Wednesday, November 19, 2003

Women and Terrorism

The BBC's World Program asked listeners to send in their definitions of a 'terrorist'. The answers were what one expected, ranging from the definition of a terrorist as someone who targets civilians to someone who is called George W. Bush. But one definition really stood out:"One man's freedom fighter is another man's terrorist."

These are men who define terrorism. Terrorism is something that might bring them freedom or terror. But for women? Granted, there are women terrorists, and women do experience the effects of terrorist activity as much as men do. But are there freedom fighters for women? Do terrorists ever work for women's causes?

I can't think of a single cause like that. The early British suffragettes came the closest, but even they stopped their violence at property or their own bodies. If freedom fighters ever fought for women, it was most likely in the sense that they fought for the right of previously oppressed men to have free access to their 'own' women or to bar other men from such access. Some women must have benefited from such movements, but this was not the intended effect.

Iraq is an interesting example. Under Saddam Hussein, Iraqi women first gained additional freedoms and rights. More women attended the university and there were women in his government. Later, some of these gains for women were sacrificed when Saddam courted the religious muslims and launched an islamization program. Yet women in Iraq are still more literate than in any other Arab country.

The liberation of Iraq may change this. The new freedom fighters there want an Islamic society. Some want obligatory veiling, and there are arguments about whether education is a good thing for women under Islam. The lawlessness makes going out into a major adventure for women, and there are news about kidnapping and rape. So who there is fighting for the women? Who really cares about the fact that women are the majority of the Iraqi population, with something like ten percent representation in the Provisional Council?

The answer is that very few people care about women. The status of women in Iraq is low, and determined by both traditional culture and certain ways of reading the Islamic law and the Koran. Who are outsiders to decide that things should be different for them? Yet outsiders decided that other things in Iraq were unacceptable, however much they, too, were based on tradition and religious precedent. Women just don't matter, very much.

Women don't matter awfully much in the greater terrorist wars, either. Their importance is as symbols: symbols of western decadence as the semi-naked women cavorting on our tv screens in the west, symbols of eastern backwardness as the totally shrouded shapes cowering in the corners of their hidden rooms in the east. Or as reversed symbols: the independent, self-confident western woman vs. the modest, pure eastern woman. Yet it's all about symbols.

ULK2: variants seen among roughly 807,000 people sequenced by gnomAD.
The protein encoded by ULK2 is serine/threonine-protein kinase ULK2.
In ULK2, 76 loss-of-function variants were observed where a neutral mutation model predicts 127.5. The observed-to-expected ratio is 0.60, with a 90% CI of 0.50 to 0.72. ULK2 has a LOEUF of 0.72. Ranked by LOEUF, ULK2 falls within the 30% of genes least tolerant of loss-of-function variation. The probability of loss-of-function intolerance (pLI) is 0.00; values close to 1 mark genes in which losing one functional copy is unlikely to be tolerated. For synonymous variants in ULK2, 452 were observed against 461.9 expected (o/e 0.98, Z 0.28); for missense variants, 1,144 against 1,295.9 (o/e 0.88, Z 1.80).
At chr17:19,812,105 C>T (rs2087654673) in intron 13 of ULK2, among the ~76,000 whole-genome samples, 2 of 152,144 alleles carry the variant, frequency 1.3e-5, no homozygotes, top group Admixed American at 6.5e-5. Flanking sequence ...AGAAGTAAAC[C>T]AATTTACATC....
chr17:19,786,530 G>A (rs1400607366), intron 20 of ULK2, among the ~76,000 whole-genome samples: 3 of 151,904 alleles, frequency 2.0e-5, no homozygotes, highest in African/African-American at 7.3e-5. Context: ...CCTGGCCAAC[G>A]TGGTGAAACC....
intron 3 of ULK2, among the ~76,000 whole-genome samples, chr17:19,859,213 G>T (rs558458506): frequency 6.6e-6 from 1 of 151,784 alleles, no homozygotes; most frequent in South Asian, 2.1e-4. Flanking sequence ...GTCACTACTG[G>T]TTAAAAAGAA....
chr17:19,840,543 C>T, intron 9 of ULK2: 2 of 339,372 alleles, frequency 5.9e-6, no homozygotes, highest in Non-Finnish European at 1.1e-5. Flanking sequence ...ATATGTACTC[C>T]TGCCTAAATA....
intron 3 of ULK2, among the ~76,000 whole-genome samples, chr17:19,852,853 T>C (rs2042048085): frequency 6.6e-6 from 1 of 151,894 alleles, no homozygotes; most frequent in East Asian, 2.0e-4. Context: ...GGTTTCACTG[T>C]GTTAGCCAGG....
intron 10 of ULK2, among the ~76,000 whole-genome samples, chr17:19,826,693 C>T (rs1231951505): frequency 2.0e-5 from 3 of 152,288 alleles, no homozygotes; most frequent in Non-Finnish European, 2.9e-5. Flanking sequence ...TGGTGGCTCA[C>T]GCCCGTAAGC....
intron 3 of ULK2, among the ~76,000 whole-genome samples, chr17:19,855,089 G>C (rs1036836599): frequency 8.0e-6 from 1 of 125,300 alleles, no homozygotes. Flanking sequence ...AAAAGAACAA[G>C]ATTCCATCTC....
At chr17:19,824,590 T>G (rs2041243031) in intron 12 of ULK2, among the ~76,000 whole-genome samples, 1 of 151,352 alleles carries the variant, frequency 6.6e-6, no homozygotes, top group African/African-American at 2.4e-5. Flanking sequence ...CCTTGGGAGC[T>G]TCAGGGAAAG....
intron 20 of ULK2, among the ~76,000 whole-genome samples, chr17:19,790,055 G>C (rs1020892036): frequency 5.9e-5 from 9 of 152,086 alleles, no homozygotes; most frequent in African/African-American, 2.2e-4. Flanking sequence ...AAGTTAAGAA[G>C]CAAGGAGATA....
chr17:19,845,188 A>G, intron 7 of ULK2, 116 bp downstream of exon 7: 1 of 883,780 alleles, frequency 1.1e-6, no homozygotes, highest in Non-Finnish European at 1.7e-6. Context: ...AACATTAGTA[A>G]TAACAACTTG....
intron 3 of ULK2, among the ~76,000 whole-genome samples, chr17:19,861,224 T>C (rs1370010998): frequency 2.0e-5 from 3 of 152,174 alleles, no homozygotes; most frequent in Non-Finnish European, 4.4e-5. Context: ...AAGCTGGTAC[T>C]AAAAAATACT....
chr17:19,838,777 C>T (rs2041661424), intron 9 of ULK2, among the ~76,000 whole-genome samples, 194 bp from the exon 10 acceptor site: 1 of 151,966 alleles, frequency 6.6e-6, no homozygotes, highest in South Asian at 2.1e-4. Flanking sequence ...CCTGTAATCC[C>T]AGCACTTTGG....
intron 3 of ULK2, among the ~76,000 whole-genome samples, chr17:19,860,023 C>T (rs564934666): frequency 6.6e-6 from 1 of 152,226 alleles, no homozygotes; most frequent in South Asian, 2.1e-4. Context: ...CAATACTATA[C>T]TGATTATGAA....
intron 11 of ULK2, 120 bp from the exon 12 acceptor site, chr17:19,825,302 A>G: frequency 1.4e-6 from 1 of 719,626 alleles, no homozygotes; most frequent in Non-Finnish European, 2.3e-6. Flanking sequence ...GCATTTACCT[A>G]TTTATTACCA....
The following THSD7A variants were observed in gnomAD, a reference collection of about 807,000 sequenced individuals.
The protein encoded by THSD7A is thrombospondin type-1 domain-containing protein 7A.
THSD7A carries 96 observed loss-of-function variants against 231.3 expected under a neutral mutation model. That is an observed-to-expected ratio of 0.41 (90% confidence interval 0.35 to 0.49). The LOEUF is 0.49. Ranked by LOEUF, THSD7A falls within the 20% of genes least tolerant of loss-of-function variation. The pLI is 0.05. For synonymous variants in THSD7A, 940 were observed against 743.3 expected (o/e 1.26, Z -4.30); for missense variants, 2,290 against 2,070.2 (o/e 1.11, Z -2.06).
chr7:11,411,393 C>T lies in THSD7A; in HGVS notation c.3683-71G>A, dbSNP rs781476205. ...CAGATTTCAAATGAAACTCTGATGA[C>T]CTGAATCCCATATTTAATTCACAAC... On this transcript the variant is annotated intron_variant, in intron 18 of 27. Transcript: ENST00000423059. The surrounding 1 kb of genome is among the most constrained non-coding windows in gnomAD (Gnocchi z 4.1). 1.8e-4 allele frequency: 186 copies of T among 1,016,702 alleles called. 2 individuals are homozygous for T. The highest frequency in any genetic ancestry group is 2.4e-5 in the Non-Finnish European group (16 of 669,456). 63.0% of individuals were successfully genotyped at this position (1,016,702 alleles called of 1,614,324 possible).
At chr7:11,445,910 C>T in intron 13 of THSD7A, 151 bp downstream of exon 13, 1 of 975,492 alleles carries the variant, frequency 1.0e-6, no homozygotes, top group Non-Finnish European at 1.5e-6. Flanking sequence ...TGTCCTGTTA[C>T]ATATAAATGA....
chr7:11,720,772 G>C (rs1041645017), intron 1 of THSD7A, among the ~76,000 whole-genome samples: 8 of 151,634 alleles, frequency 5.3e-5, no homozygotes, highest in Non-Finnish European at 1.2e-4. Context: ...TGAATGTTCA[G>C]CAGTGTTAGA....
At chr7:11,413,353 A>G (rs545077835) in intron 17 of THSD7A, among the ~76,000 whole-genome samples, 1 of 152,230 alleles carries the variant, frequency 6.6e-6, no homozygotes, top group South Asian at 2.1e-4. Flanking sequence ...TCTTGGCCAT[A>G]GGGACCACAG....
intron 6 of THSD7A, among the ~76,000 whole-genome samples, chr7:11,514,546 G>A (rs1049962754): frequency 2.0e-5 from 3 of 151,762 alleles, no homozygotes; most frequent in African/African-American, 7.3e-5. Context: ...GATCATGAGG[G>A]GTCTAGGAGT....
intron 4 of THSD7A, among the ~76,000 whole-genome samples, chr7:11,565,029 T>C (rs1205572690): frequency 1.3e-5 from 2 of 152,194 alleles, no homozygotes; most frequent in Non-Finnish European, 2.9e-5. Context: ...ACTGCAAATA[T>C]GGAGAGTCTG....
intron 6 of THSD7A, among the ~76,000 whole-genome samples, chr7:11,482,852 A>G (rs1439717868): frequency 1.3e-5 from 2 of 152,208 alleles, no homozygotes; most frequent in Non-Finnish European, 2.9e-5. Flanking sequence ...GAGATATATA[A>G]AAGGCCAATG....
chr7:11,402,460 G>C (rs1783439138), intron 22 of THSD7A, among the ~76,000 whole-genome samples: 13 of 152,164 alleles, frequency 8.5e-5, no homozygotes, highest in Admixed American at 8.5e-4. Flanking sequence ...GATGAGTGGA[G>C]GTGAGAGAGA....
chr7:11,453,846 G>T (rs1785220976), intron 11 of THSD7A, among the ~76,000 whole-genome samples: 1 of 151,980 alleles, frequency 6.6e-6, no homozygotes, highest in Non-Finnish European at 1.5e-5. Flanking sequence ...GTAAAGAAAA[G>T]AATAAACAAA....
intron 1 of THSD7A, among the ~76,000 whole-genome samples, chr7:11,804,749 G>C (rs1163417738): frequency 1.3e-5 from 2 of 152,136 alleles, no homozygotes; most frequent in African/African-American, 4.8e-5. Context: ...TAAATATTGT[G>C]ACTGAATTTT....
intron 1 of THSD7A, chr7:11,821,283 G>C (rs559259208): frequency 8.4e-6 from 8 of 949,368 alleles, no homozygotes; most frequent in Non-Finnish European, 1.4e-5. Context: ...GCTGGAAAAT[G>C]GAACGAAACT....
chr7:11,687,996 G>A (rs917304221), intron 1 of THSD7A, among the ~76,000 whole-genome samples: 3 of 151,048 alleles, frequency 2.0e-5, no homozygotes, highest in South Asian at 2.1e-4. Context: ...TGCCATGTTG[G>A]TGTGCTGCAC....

In the wars of terrorism most real women are in the middle, in the mined no-man's land where they are possible victims for both sides. The war goes on over their heads and sometimes through their bodies. They are the ultimate definition of collateral damage.

Most women don't think this way, you might say. That's probably true. It's hard to get much constructive thinking going when the media bombard you with one false message after another, when daily life is enough to pull you down, when to realize that you ARE collateral damage would demolish your whole world view. So yes, most women don't think this way.

That's the unfair thing about being a goddess. We goddesses see through the smoke and fog and scraps of flying bombs right through to the truth. Sometimes.

Monday, November 17, 2003


Abstinence is the policy of the current U.S. government, when it comes to social ills such as Aids and teenage pregnancy. I think that it's a wonderful idea; it should be a lifelong vow for all its proponents. Maybe that way the U.S. would some day get a sensible government.

Don't get me wrong. I think that abstinence is a valid choice in sexuality, and it has many benefits. But it is a very difficult choice, and to imply that it isn't is cruel. Now, I wasn't much for abstinence as you may have noticed. My children (and what a bunch they are!) were fathered by all sorts of creatures. It was fun, on the whole.

And that's the problem with abstinence; you need to abstain from sex to achieve it, and sex is fun. Eating is also fun, and look at the size of the people in this country. "Just say no". Yessss, but... The spirit may be willing, yet the flesh is, as ever, weak.

History is a good teacher about the possibilities of abstinence in sex among the general population. Abstinence doesn't win very many contests here, I am afraid. People are created to be sexual creatures, and fighting that is fighting a basic instinct. At least the government should admit that this is true.